Andrea Di Maio of Gartner recently articulated concerns about open data processing, particularly the divide between data professionals who have the skills to do so and those who do not. Di Maio writes, “Over the last four years open government and open data have been at the forefront of the debate on how governments can become more transparent, participative and efficient. The theory is well known: rather than (or alongside) providing the government’s interpretation or packaging of public data, this data should be made available in raw, open format for people to build their own views and applications… The downside is a deluge of data. People can easily drown in raw open data that is either too much or simply meaningless unless some processing takes place.” Read more
Posts Tagged ‘developers’
Semantic tech startup Ontodia took the grand prize at New York City’s BigApps 3.0 contest on Tuesday. As covered in this article, Ontodia’s NYCFacets is a Smart Open Data Exchange for the developer community that catalogs all the NYC-related data sources already present in the New York City Open Data Catalogue.
“Now that we’ve gotten this validation, we’ll charge full-steam ahead with our bigger vision for pragmatic Linked Big Open Data in NYC,” says Ontodia co-founder Joel Natividad.
PaySwarm recently announced a new PaySwarm Alpha for developers (read our two part series about PaySwarm here). The article states, “This is a public sandbox — a developer test ground — that implements some of the newest PaySwarm REST API features.” It continues, “The biggest change was replacing the authentication mechanism that we were using for PaySwarm. We had implemented the system last year using the OAuth protocol only to find out that it made things more complicated than they need to be for the use cases that we were trying to cover. Some developers have asked why OAuth didn’t work for PaySwarm when it works for large sites like Facebook and Twitter.” Read more
Jeni Tennison has added to her discussion of microdata and RDFa with a new post on how the two might live in harmony. Tennison writes, “One of the options that the TAG put forward when it asked the W3C to put together task force on embedded data in HTML was the co-existence of RDFa and microdata. If that’s what we’re headed for, what might make things easier for consumers and publishers who have to live in that world? In a situation where there are two competing standards, I think that developers — both on the publication and consumption sides — are going to want to hedge their bets. They will want to avoid being tied to one syntax in case it turns out that that syntax isn’t supported by the majority of publishers/consumers in the long term and they have to switch.” Read more
In addition to the new Semantic News Community Group, the W3C has launched a full range of community and business groups “so that developers, designers, and anyone passionate about the Web has a place to have discussions and publish documents.” The homepage explains, “A W3C Community Group is an open forum, without fees, where Web developers and other stakeholders develop specifications, hold discussions, develop test suites, and connect with W3C’s international community of Web experts. A W3C Business Group gives innovators that want to have an impact on the development of the Web in the near-term a vendor-neutral forum for collaborating with like-minded stakeholders, including W3C Members and non-Members.” Read more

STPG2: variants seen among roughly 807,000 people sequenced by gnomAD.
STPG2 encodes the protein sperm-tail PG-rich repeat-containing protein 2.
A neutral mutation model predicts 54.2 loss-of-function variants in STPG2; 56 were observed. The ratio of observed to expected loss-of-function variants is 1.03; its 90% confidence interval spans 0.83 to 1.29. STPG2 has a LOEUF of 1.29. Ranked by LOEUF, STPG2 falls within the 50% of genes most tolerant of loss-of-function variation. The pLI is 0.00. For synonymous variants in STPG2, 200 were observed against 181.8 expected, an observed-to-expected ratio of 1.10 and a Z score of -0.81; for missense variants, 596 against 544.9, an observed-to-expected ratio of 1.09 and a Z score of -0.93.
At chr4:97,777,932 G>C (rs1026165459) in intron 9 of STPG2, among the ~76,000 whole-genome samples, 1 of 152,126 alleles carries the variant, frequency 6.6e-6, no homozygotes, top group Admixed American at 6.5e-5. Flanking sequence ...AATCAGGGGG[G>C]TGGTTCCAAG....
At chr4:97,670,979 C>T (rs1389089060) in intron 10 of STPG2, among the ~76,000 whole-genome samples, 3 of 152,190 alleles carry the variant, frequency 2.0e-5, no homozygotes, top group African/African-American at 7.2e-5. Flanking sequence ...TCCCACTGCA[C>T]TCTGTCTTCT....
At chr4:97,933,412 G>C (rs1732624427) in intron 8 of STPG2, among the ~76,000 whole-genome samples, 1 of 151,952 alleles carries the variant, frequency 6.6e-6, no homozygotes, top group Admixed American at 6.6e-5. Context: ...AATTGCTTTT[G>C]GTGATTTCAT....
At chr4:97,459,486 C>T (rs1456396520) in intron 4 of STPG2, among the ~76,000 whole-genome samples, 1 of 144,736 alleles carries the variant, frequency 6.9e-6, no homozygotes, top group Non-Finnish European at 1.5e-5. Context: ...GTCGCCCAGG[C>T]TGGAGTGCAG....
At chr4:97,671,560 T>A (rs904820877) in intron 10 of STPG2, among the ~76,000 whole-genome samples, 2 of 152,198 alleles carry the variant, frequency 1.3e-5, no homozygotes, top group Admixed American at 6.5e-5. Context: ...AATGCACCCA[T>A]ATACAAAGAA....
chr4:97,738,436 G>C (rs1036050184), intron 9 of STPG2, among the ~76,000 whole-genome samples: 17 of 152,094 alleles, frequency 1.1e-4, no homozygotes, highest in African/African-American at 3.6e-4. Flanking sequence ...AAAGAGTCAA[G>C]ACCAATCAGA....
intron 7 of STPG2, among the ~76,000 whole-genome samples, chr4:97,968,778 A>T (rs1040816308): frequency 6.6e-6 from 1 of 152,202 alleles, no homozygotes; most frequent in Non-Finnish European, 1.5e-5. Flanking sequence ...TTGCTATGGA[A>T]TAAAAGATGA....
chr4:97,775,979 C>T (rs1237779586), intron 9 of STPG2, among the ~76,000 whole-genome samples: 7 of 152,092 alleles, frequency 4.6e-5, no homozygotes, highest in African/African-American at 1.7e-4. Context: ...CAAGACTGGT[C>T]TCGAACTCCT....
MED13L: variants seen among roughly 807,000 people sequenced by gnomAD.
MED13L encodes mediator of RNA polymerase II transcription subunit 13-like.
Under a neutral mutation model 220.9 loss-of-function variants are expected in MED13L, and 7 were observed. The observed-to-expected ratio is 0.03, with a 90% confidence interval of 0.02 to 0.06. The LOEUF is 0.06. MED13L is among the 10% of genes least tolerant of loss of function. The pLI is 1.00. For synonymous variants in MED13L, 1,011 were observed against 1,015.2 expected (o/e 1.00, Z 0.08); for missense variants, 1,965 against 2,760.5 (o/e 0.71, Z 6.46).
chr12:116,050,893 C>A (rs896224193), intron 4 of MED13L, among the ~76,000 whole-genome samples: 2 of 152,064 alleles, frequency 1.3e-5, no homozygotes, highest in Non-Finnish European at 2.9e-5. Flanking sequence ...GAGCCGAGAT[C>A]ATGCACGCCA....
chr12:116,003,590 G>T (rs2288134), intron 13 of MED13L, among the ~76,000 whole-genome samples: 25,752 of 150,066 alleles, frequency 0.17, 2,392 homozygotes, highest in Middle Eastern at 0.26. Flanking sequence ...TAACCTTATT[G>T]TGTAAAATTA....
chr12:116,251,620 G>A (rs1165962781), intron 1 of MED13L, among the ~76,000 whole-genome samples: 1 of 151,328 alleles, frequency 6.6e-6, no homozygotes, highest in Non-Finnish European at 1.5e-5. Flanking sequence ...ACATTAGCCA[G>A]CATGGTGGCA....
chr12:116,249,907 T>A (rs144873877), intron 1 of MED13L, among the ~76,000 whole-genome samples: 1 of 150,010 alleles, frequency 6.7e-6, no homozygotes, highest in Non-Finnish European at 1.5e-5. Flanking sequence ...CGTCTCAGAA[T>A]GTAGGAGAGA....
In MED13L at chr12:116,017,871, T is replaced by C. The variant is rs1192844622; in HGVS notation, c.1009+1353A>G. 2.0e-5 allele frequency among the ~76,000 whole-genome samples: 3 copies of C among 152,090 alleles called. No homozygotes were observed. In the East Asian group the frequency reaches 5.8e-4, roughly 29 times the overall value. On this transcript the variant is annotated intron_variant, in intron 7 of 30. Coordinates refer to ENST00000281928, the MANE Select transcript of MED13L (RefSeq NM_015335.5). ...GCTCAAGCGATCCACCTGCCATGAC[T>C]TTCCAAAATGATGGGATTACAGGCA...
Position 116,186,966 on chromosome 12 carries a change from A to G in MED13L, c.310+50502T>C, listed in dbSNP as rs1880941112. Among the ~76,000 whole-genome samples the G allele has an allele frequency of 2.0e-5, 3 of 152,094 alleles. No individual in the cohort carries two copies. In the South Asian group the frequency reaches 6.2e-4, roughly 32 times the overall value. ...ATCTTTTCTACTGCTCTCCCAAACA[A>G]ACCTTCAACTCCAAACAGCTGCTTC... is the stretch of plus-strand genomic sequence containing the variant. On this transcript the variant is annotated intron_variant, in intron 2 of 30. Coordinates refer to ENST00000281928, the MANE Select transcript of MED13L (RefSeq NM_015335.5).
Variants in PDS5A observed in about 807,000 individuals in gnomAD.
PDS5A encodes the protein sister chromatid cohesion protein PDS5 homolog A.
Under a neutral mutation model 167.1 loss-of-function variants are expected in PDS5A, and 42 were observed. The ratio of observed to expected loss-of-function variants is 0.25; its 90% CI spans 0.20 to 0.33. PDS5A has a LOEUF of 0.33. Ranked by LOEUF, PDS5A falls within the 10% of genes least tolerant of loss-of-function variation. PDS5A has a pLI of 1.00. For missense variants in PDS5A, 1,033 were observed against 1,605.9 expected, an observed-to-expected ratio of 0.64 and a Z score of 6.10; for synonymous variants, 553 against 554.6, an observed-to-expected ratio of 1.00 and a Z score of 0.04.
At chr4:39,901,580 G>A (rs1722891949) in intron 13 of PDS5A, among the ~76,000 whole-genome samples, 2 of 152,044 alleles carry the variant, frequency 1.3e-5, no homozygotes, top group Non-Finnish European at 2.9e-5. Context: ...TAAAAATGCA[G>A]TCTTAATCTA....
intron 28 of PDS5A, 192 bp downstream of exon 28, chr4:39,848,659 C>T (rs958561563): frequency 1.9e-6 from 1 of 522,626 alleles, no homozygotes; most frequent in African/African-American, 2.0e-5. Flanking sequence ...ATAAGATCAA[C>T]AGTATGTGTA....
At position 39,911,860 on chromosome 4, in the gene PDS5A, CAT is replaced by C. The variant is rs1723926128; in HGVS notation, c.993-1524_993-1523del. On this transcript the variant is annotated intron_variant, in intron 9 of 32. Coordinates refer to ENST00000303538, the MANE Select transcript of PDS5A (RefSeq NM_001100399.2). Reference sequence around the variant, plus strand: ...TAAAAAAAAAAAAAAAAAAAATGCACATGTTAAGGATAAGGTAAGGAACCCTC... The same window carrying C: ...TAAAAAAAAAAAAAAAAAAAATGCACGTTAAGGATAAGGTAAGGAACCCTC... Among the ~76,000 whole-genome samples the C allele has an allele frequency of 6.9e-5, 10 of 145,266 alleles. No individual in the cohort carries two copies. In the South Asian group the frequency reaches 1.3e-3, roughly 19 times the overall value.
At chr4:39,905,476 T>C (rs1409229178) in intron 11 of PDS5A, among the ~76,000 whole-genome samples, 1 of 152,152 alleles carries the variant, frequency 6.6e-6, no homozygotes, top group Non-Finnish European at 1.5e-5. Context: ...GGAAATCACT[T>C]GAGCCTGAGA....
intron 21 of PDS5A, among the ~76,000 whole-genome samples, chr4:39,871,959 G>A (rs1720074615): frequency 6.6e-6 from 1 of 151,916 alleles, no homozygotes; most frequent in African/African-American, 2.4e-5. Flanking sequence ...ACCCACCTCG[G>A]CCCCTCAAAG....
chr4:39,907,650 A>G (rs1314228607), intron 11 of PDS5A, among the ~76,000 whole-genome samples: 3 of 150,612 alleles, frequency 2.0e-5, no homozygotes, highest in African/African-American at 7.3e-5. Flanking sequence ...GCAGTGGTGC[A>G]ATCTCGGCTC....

The Guardian.co.uk Data Blog has released an array of data regarding the riots in London and around London in the hopes that socially aware developers will use the data to create helpful visualizations, mashups, apps, and the like. The article states, “The riots that started in London have spread across England, to Bristol, Birmingham, Liverpool and Nottingham. [Tuesday] night incidents were reported from a variety of places such West Bromwich, Birkenhead, Salford and Gloucester. Fewer incidents were noted in the capital city as police deployed 16,000 officers onto the streets and many shops and offices closed early. It was a different story in the West Midlands which has now arrested 300 people since the beginning of the riots. The country has seemingly changed overnight. [Tuesday] it was announced that Parliament would be recalled and discussions about policing strategy continue. But what exactly has happened where?” Read more
A new article reports that “TSO, the company behind publishing solutions for the UK public sector, has announced the release into the developer community of what is believed to be the most feature-rich web-based SPARQL editor available, the Flint SPARQL Editor. SPARQL itself is a query language and a protocol for accessing RDF designed by the W3C RDF Data Access Working Group. Unlike many existing web-based SPARQL query-building tools, which lack abilities such as context dependent autocompletion or syntax checking, Flint encompasses many of the features developers would expect of traditional development environments and code parsers, through its web implementation.” Read more
The upcoming Semantic Technology Conference in San Francisco will feature a number of innovative new products. One such product is dotnetrdf, a “free and open source project intended to be a .Net equivalent of projects like Jena and Sesame. It provides a Core RDF/Semantic Web API and a suite of tools aimed at providing the bulk of the tools and APIs a .Net developer needs to work with RDF and the Semantic Web in their applications. The presentation will highlight the major features of the project and new features coming to future releases.” Read more